The film adaptation of the creator-owned, Marvel-published Kick-Ass, by writer Mark Millar and artist John Romita Jr., just hit movie theaters around the U.S. Cue new collected edition of the book with “Now a Major Motion Picture!” emblazoned on the cover. And while many hardcore comic enthusiasts might find themselves reluctant to purchase these tie-ins, the Kick-Ass book is actually a very nice collection.
The “Premiere Hardcover” edition collects issues #1–8 of the comic, comprising the entirety of the first major story arc. Though its cover does include the aforementioned text, effectively outing purchasers as “fans after the release of the film,” it opts for new artwork by Romita on the dust cover rather than movie poster images, which is a nice touch. One version features Kick-Ass and Hit-Girl, weapons in hand, covered in blood. The other features a downtrodden Kick-Ass, sitting on his bed without his mask.
Aside from the black hardcover with yellow letters, and the collection of chapters 1–8, fans get two pages worth of bios of the comic’s creators, a two-page spread of “Kick-Ass’s Greatest Hits” (the most ultra-violent moments from the comics that comprise Book One), a few variant covers and a poster drawn by Romita of the characters in the movie versions of their costumes. It doesn’t offer any behind-the-scenes in-depth features a la DC’s Absolute editions, but it is a nice set at $24.99 to help fans get caught up with the series before or after seeing the movie.
For those unfamiliar, Kick-Ass’s creators have dubbed it “The Greatest Superhero Comic of All Time.” While this may be a bit of an overstatement, the book is quite entertaining. Kick-Ass tells the tale of Dave Lizewski, a comic-book nerd just like you or me. Like everyone else, he has fantasies of being a superhero. Unlike the rest of us, he wonders why after years and years of comics no one has really given it a try. Putting on a mask and helping people doesn’t sound like such a far-fetched idea to Dave.
So he orders himself the most badass scuba suit he can find on eBay and takes to the streets. For the first several weeks, he does little but patrol the rooftops. After a while, he decides to encounter a trio of hoodlums causing trouble. It doesn’t go well, and he winds up with a knife in the gut; a car hits him as he stumbles away; and he wakes up severely injured in the hospital. But despite having some metal plates put in his head, suffering numerous broken bones, and burning his comics collection in defiance, Dave eventually winds up back in the suit and on the street.
His next encounter goes a bit better than the first. He gets his ass kicked again, but this time finds a way to stave off a gang of bad guys to protect their target. Someone just so happens to be recording it, and the video becomes a YouTube sensation. Embracing the modern age, Kick-Ass starts a MySpace page to learn the problems of the world, as patrolling just isn’t efficient enough. It also inspires a wealth of copycats of varying qualities, and, of course, villains.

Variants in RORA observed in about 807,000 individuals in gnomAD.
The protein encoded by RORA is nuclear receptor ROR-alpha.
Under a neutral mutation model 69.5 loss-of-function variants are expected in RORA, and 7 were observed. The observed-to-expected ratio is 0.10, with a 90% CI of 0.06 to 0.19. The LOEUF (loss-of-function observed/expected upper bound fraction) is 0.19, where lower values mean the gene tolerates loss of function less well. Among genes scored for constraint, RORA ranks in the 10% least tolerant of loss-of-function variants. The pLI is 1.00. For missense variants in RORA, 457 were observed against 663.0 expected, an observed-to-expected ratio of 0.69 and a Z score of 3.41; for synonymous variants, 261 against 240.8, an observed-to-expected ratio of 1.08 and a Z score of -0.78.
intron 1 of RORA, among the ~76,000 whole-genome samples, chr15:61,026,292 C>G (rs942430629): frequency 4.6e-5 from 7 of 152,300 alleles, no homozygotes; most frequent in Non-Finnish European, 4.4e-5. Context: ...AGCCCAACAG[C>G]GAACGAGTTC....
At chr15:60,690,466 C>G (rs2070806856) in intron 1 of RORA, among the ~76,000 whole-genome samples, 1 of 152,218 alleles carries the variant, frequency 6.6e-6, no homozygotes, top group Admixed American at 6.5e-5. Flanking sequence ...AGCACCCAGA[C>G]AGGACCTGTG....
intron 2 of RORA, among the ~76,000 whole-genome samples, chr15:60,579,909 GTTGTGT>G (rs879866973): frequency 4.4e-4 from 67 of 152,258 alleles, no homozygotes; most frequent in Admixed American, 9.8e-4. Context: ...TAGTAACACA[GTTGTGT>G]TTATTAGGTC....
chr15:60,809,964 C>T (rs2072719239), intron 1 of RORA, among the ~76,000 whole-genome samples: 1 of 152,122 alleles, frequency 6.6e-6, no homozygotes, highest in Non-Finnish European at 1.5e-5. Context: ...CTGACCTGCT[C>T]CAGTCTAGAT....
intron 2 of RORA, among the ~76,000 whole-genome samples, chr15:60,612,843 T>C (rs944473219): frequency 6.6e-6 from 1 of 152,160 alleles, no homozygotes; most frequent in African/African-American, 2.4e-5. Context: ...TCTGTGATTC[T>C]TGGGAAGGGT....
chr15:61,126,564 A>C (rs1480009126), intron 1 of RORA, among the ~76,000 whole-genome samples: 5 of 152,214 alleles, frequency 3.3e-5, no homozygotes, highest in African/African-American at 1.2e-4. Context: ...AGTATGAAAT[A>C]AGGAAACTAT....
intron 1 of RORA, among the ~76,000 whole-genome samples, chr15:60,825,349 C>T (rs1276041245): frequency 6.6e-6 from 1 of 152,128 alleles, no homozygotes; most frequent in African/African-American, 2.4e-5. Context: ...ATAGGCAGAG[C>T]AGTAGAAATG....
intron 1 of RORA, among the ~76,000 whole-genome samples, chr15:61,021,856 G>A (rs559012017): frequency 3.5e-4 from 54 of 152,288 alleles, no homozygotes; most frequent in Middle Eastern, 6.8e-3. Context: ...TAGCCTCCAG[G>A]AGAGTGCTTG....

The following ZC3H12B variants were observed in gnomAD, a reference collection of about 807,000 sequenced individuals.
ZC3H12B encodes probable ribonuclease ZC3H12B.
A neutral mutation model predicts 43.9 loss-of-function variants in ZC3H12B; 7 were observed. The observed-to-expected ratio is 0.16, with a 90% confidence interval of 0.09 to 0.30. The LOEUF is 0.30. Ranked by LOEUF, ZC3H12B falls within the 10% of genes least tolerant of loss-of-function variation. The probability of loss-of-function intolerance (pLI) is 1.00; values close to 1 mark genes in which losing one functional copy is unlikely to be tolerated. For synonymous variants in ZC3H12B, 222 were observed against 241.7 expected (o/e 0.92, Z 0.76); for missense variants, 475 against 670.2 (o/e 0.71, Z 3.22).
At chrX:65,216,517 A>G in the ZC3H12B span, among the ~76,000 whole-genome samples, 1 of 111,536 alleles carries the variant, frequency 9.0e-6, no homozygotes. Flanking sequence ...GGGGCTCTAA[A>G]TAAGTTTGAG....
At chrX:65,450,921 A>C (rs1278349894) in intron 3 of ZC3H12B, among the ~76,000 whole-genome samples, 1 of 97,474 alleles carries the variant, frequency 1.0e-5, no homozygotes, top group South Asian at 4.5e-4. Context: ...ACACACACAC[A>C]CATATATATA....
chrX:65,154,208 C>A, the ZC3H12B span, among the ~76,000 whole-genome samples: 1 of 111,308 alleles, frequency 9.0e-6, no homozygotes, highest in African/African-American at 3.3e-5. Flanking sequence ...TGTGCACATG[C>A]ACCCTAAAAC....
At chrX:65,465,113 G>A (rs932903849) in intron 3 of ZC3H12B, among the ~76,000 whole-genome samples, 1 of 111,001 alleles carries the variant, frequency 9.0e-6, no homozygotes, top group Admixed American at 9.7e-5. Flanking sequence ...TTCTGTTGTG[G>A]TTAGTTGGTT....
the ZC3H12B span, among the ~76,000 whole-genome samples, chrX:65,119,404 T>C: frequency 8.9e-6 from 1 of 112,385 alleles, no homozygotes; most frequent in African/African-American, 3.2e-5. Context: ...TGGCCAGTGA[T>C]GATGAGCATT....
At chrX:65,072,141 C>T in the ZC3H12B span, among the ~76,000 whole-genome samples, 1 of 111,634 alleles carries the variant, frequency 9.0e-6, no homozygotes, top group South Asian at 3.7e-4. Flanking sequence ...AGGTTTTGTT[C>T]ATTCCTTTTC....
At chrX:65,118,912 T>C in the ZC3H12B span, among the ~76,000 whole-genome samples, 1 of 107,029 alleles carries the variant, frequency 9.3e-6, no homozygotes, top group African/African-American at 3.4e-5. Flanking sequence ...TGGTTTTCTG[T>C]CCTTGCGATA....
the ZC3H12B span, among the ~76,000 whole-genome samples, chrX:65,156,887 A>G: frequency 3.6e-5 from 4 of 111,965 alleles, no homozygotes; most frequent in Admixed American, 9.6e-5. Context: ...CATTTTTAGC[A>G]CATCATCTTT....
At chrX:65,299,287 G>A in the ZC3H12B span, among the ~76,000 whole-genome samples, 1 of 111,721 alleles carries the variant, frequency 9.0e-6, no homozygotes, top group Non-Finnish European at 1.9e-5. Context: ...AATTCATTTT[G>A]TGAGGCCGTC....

The main success Kick-Ass finds is in its “superheroes in real life” premise. Despite dealing primarily with children in costume, Millar (Civil War, Wanted) pulls no punches when it comes to the reality of a child fighting crime. It often ends in pain, and sometimes even death. It both accepts and comments on modern culture and how people become stars, and in doing so makes its premise that much more believable, as absurd as it is.
And Millar finds humor in the absurdity as well, creating some well-paced inner monologues and dialogue for big laughs that are truly earned. But its humor can also often be very high school in its tone. And as many people as there are who will embrace both this aspect and the ultra-violence of Kick-Ass, there will be just as many who find it childish and morally reprehensible. Make no mistake, Kick-Ass is brutally violent, and a 10-year-old girl who slices and dices without remorse and uses just about every swear word in the book isn’t for everyone. In fact, it really shouldn’t be, but Millar finds a way to make it endearing, or at the very least good fun. Kick-Ass features a “Mature Content” warning on the back, and it’s not without reason, as much credited to John Romita Jr.’s gritty art as Millar’s writing.
Kick-Ass also has its fair share of flaws. As much as Millar paces certain chapters, action scenes, and jokes incredibly well, he also sometimes fills panels with needless side notes and extra adult content for the hell of it. It’s not perfect, and definitely not for everyone, but when it’s on, Kick-Ass can be one of the more entertaining comics around, and definitely earns a unique spot in the medium, doing something new with the concept of superheroes. The greatest of all time? Probably not. Kick-ass? For sure.
Reviewed by William Jones on July 20, 2011